How the Tapejara ever became a toy in the Jurassic Park toy line is puzzling when you look back at the turbulent time before Jurassic Park III was released. Hasbro downsized after the failure of the JP Chaos Effect toys, and the lower than expected sales from Star Wars Phantom Menace toys. Hasbro decided to close Kenner and fire the entire Jurassic Park design team. Instead of treating the Jurassic Park trademark as a top toy line, it was given to the Star Wars design team. They made the JP line to match the style of the Attack of the Clones toys. It turned into a completely new line, with new sculpts, style, gimmicks, with no repaints of former sculpts.
The entire line up of dinosaur toys for JP III, had been present in at least one of the movies. The lone exception was the Tapejara. It was definitely an interesting choice for Hasbro to make a relatively obscure animal for their lineup. This hard plastic toy had the interesting dino- damage that Jurassic Park toys were known for and also featured an electronic “Re-Ak A-Tak” sound.
Jurassic Park toys have never strived for accuracy, and this is surely not scientific accurate toy. In many ways the sculpt does work. Let’s see how, and take a closer look.
About the Toy: It is certainly a big toy; it is approx 18 in (45.7 cm) from wing tip to wing tip, and 7.5 in (19cm) from its foot claw to the tip of its beak. It does have the large crest above its skull, though the rest of the head looks a little like a generic Pteranodon head. You can see that the beak is long, and ends with a sharp point. They seemed to have combined the backward-projecting crest from a Pteranodon with the crest from Tupandactylus. This makes it a strange, but oddly appealing head. The bony crest arises from its snout, (which would be comprised of the premaxillary bones) and extends along and behind the skull. This toy also looks to haves a descent nasoantorbital fenestra, and small eyes. I am not sure why I mention this, as it is non-scientific accurate head. There is a clear circular joint for the jaw to open and close.
There is a visible open neck line were the body and neck meet. This is part of the biting action, which the jaws open by pressing the head forward. On the top of its back, behind the neck is the Dino damage. In the middle of the wound is a small piece of bone which doubles as the button to activate the electronic sound, which sounds like a scream. The wings attach to the body with an omni directional ball joint. The wings can twist and turn in almost any direction. There are three fingers on each wing. The legs attach to end of the body, and end in 5 toes and claws (or 4 claws and 1 dew claw, take your pick). The legs can rotate a good distance forward or back.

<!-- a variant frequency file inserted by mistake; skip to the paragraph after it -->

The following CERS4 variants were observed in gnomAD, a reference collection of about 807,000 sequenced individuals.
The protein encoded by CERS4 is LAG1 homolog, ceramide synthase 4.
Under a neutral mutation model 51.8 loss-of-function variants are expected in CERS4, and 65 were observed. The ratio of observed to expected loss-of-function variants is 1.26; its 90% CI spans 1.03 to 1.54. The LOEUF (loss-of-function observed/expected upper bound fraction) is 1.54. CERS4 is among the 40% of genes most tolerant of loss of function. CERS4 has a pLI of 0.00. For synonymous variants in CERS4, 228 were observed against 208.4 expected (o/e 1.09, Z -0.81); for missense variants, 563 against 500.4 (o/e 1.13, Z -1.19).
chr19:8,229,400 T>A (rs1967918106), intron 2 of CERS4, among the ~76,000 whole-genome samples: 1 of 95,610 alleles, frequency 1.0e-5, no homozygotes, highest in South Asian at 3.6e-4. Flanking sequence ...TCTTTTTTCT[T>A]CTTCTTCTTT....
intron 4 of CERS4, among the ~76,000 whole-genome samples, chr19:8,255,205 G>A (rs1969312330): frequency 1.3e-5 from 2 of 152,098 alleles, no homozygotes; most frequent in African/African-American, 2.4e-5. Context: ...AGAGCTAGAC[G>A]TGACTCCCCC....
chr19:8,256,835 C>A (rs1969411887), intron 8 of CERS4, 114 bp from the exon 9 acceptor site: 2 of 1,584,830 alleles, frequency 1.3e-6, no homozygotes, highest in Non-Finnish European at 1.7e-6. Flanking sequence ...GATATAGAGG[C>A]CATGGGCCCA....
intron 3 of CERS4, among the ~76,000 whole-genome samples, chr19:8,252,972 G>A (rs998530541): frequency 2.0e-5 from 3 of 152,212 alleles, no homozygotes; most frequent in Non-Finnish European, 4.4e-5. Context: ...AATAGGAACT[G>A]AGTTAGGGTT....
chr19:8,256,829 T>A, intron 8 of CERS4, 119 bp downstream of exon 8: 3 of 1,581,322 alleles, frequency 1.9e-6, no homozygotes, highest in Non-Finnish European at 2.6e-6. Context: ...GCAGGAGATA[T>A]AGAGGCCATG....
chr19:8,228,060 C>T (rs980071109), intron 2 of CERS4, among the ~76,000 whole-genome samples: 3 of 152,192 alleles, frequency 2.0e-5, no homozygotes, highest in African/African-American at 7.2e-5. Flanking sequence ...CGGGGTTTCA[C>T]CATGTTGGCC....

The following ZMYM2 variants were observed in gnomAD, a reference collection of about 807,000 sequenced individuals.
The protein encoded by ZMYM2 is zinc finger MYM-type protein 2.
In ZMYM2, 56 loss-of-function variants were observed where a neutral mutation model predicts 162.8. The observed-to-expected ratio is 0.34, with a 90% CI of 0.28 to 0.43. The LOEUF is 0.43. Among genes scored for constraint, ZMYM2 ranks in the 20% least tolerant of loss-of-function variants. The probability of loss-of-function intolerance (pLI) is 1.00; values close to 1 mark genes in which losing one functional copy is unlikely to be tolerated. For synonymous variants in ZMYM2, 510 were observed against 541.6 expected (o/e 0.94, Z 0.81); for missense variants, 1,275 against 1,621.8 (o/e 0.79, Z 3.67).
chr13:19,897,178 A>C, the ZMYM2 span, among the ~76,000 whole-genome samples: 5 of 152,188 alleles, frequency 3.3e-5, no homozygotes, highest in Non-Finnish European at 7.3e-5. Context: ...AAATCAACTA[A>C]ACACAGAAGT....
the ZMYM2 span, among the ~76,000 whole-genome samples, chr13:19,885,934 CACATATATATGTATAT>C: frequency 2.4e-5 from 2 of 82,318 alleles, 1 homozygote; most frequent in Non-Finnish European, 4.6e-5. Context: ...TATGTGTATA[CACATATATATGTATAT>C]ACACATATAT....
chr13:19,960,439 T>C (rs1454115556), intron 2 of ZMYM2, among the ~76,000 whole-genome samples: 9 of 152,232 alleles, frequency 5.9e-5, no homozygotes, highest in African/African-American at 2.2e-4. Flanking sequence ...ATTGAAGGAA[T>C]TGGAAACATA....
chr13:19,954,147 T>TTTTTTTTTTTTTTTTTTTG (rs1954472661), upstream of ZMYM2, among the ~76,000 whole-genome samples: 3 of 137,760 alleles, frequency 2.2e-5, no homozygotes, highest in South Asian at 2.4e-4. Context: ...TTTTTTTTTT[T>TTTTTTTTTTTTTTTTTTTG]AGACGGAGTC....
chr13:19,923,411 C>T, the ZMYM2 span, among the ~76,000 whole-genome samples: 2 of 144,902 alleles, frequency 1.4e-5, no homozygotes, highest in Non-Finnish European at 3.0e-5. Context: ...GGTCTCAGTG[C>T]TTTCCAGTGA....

The texture is rather simple on this figure. On the wing membranes there are subtle long skin lines and veins. There are plenty of small texture lines on the crest and body, with bigger skin fold on the neck.
The base paint job on this toy is a dark green. The underside of the Tapejara is white, and this color extends from the middle of the neck all the way to the legs. The upper legs and a third of the under part of the wings is also white. The rest of the wings are done in a yellow green and dark green. The head is a combo of dark green, cream, and yellow. There is a yellow stripe the runs down the neck on either side of the head. Then there is a second yellow stripe around both eyes. The tongue is pink inside the mouth. The eyes are black and the fingers and toes are a dark graphite color. Underneath the left wing is the black JP III logo. The Dino Damage color is red for the muscle and white for the bone.
Playability: This is toy is packed with endless options for fun. There are so many ways to use and play with this toy. The omni-directional wings give the user many options whether they want it flying, walking, or surfing, it is a great feature. The option to push its head to open the mouth is annoying and cumbersome, but it does work. Also the head and neck only move forward in one direction, which again can take away from play option, but only slightly. The legs have giant claws, and the legs can be moved in different directions, also enhances the toy uses during play. It robustness is ok, but since it is an electronic toy, kids do need to be a little bit careful.
Overall appraisal: In my opinion, this is one of the best toys from the JP III line. I am normally let down by the Jurassic Park toy line, but this is one of the few JP toys that completely surprised me by actually being good, and useful. The paint job is pleasing, with a nice overall sculpt, with definite posing or playing options.
Is this JP III Tapejara for you? 1. Do you like functional toys, which have personality and playability? 2. Do you enjoy flashy paint jobs, and interesting sculpts for your collection? 3. Are you looking for scientifically accurate toys that fit a particular scale? If you answered yes to question 1 and 2, you might want to venture a closer look at this toy. If you answered yes to question 3, you want to stay away from this model.